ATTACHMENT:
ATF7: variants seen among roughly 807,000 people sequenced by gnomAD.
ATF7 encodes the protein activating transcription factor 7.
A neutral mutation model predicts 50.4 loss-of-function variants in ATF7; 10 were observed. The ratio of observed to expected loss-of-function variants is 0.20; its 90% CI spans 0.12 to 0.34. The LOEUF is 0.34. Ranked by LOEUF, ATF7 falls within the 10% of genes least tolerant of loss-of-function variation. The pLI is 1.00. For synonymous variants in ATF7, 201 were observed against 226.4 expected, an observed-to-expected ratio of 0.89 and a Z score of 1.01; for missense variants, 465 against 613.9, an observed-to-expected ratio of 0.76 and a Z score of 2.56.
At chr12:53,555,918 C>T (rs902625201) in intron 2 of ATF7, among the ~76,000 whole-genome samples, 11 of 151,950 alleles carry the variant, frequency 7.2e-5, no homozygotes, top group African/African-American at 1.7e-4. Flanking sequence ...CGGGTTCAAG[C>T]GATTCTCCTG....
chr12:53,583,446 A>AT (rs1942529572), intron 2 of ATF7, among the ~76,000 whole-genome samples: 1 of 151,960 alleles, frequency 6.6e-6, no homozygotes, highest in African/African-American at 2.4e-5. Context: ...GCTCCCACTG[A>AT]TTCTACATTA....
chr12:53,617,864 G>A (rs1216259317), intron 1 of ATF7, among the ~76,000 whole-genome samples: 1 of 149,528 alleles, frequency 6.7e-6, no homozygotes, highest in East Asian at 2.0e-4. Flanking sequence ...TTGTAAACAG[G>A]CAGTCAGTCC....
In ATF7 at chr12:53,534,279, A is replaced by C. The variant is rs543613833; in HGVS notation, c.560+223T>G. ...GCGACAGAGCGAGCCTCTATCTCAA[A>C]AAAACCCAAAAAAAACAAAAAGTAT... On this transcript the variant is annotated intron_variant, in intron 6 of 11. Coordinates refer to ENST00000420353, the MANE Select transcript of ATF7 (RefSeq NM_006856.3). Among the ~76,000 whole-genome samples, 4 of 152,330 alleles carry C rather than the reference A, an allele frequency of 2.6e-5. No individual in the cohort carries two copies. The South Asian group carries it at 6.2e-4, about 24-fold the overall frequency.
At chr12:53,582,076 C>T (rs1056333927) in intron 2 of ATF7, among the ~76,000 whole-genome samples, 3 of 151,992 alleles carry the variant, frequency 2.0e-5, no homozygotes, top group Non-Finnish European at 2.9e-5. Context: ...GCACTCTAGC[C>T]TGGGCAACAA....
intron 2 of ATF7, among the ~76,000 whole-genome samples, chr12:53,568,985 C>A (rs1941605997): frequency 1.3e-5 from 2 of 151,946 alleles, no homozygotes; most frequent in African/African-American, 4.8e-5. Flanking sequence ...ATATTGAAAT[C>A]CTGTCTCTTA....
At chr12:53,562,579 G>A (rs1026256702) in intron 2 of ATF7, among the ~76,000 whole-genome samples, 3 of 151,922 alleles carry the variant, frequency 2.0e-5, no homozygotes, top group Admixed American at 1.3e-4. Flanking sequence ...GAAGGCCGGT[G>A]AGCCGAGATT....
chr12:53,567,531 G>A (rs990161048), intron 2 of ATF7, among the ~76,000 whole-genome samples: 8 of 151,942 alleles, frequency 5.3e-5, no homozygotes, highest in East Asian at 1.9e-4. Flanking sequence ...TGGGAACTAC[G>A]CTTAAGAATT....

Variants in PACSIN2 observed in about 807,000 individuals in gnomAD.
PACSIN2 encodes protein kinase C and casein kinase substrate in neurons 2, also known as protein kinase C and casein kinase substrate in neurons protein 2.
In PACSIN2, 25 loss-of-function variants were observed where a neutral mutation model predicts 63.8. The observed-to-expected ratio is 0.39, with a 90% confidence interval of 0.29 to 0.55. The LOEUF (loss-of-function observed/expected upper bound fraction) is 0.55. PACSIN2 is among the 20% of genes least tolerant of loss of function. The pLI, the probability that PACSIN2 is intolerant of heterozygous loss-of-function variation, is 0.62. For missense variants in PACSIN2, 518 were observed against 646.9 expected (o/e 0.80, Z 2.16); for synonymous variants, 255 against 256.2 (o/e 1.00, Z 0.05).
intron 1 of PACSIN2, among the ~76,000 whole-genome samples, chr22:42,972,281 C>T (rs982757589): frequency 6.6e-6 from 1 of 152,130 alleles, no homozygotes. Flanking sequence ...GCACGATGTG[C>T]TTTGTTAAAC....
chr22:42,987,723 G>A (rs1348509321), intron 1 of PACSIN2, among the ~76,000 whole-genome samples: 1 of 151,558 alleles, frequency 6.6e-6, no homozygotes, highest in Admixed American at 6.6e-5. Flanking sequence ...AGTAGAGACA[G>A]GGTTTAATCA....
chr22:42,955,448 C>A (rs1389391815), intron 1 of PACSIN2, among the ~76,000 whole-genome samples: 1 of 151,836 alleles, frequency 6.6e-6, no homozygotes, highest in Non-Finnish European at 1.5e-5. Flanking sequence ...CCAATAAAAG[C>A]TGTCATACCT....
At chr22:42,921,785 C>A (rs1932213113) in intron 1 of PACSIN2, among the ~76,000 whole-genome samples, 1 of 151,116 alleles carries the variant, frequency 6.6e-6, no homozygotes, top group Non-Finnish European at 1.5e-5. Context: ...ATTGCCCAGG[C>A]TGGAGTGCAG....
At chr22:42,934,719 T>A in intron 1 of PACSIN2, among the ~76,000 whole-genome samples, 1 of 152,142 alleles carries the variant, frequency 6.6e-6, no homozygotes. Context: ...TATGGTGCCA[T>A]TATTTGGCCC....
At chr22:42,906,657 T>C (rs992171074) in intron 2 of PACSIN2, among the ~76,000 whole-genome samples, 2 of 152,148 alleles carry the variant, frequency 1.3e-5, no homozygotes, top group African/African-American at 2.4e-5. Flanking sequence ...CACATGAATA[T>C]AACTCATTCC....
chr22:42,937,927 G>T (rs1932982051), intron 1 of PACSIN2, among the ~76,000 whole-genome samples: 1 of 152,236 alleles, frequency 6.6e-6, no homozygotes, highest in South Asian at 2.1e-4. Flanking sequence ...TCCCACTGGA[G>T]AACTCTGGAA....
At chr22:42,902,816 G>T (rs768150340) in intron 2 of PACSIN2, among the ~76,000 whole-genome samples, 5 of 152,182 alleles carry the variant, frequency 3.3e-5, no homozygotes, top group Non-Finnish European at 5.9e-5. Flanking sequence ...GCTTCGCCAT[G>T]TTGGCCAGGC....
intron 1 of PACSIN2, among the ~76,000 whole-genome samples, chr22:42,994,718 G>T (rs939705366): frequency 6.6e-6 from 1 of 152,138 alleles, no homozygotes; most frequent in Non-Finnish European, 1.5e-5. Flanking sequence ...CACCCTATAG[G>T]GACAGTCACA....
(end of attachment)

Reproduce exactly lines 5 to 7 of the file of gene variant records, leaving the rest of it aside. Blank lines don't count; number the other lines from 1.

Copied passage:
chr12:53,583,446 A>AT (rs1942529572), intron 2 of ATF7, among the ~76,000 whole-genome samples: 1 of 151,960 alleles, frequency 6.6e-6, no homozygotes, highest in African/African-American at 2.4e-5. Context: ...GCTCCCACTG[A>AT]TTCTACATTA....
chr12:53,617,864 G>A (rs1216259317), intron 1 of ATF7, among the ~76,000 whole-genome samples: 1 of 149,528 alleles, frequency 6.7e-6, no homozygotes, highest in East Asian at 2.0e-4. Flanking sequence ...TTGTAAACAG[G>A]CAGTCAGTCC....
In ATF7 at chr12:53,534,279, A is replaced by C. The variant is rs543613833; in HGVS notation, c.560+223T>G. ...GCGACAGAGCGAGCCTCTATCTCAA[A>C]AAAACCCAAAAAAAACAAAAAGTAT... On this transcript the variant is annotated intron_variant, in intron 6 of 11. Coordinates refer to ENST00000420353, the MANE Select transcript of ATF7 (RefSeq NM_006856.3). Among the ~76,000 whole-genome samples, 4 of 152,330 alleles carry C rather than the reference A, an allele frequency of 2.6e-5. No individual in the cohort carries two copies. The South Asian group carries it at 6.2e-4, about 24-fold the overall frequency.